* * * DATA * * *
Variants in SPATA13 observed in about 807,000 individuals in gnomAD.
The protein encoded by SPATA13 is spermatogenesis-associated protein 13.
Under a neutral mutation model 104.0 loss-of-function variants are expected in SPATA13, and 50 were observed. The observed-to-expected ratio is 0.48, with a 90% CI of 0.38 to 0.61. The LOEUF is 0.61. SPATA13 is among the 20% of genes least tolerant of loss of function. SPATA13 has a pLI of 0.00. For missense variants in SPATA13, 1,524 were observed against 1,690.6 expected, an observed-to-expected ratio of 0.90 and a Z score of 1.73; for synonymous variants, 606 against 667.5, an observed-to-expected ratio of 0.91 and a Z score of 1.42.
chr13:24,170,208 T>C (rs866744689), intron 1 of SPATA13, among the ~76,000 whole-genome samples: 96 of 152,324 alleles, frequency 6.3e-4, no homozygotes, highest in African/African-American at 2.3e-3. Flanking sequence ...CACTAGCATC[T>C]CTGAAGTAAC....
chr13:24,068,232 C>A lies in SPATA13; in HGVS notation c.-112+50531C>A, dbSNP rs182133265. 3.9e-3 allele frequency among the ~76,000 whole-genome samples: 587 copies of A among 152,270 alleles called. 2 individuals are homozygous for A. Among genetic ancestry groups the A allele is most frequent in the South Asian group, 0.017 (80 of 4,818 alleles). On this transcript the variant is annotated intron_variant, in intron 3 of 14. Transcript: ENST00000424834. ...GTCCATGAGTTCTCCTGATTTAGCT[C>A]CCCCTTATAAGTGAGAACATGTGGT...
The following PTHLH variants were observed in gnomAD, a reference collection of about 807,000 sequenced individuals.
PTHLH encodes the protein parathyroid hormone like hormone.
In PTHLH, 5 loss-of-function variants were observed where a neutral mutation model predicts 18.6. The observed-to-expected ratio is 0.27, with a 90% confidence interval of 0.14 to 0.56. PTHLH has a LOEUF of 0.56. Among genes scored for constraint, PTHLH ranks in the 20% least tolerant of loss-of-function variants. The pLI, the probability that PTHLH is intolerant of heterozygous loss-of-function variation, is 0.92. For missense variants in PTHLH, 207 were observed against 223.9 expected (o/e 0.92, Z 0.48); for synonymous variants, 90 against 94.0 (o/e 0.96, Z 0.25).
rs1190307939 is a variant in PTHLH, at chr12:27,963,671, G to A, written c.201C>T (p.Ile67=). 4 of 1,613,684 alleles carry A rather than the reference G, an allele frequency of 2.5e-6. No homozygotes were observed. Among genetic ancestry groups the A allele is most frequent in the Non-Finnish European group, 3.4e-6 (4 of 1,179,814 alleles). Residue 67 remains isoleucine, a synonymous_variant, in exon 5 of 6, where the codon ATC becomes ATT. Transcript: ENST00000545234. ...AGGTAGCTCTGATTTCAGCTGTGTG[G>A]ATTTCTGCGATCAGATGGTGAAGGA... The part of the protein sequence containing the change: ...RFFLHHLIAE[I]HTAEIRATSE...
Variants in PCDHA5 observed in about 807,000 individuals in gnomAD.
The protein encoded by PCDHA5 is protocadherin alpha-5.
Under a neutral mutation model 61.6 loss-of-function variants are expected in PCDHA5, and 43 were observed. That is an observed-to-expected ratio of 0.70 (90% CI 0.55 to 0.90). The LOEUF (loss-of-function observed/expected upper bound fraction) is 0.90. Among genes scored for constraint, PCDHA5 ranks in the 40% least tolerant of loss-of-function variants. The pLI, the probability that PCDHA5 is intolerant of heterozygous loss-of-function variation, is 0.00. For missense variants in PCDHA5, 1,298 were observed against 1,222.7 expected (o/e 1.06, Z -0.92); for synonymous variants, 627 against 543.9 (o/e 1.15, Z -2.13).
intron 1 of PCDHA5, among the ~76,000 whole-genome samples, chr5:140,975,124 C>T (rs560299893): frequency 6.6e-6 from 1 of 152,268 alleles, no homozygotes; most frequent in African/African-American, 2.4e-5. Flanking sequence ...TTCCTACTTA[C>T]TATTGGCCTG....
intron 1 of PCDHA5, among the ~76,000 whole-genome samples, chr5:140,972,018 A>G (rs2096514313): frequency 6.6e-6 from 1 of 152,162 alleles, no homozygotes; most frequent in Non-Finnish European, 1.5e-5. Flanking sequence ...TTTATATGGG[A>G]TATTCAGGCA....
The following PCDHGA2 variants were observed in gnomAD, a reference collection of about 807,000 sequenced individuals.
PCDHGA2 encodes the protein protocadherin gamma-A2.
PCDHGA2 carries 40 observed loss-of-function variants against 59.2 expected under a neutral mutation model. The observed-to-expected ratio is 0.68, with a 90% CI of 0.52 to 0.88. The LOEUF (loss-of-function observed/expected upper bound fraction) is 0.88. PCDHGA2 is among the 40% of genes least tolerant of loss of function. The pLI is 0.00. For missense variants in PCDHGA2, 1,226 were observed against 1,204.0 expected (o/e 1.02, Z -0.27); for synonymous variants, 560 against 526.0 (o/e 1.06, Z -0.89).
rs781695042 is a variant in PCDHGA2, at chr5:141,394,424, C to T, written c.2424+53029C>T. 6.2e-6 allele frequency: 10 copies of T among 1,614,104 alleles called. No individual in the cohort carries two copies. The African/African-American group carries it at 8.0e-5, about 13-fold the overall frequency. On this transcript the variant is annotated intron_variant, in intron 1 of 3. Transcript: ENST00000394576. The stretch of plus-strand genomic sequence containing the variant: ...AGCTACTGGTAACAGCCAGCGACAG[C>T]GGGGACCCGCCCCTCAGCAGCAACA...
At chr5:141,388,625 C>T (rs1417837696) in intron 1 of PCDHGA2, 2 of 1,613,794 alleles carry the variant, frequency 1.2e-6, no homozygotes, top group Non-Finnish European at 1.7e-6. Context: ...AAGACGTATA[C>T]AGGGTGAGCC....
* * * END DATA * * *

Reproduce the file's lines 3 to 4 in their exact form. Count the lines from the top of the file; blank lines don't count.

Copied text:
Under a neutral mutation model 104.0 loss-of-function variants are expected in SPATA13, and 50 were observed. The observed-to-expected ratio is 0.48, with a 90% CI of 0.38 to 0.61. The LOEUF is 0.61. SPATA13 is among the 20% of genes least tolerant of loss of function. SPATA13 has a pLI of 0.00. For missense variants in SPATA13, 1,524 were observed against 1,690.6 expected, an observed-to-expected ratio of 0.90 and a Z score of 1.73; for synonymous variants, 606 against 667.5, an observed-to-expected ratio of 0.91 and a Z score of 1.42.
chr13:24,170,208 T>C (rs866744689), intron 1 of SPATA13, among the ~76,000 whole-genome samples: 96 of 152,324 alleles, frequency 6.3e-4, no homozygotes, highest in African/African-American at 2.3e-3. Flanking sequence ...CACTAGCATC[T>C]CTGAAGTAAC....